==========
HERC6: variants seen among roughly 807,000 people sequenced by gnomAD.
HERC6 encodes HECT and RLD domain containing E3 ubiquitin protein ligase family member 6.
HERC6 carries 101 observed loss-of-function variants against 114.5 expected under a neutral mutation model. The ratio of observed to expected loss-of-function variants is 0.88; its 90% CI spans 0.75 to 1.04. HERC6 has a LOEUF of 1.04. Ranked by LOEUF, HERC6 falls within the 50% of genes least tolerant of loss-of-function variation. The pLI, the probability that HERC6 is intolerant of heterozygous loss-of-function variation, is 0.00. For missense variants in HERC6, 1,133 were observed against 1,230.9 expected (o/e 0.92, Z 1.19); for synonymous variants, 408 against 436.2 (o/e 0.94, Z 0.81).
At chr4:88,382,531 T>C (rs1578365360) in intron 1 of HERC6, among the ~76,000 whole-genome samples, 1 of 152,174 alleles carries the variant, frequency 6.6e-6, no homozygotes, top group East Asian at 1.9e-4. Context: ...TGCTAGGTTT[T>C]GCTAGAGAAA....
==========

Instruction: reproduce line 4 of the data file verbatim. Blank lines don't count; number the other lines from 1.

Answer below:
At chr4:88,382,531 T>C (rs1578365360) in intron 1 of HERC6, among the ~76,000 whole-genome samples, 1 of 152,174 alleles carries the variant, frequency 6.6e-6, no homozygotes, top group East Asian at 1.9e-4. Context: ...TGCTAGGTTT[T>C]GCTAGAGAAA....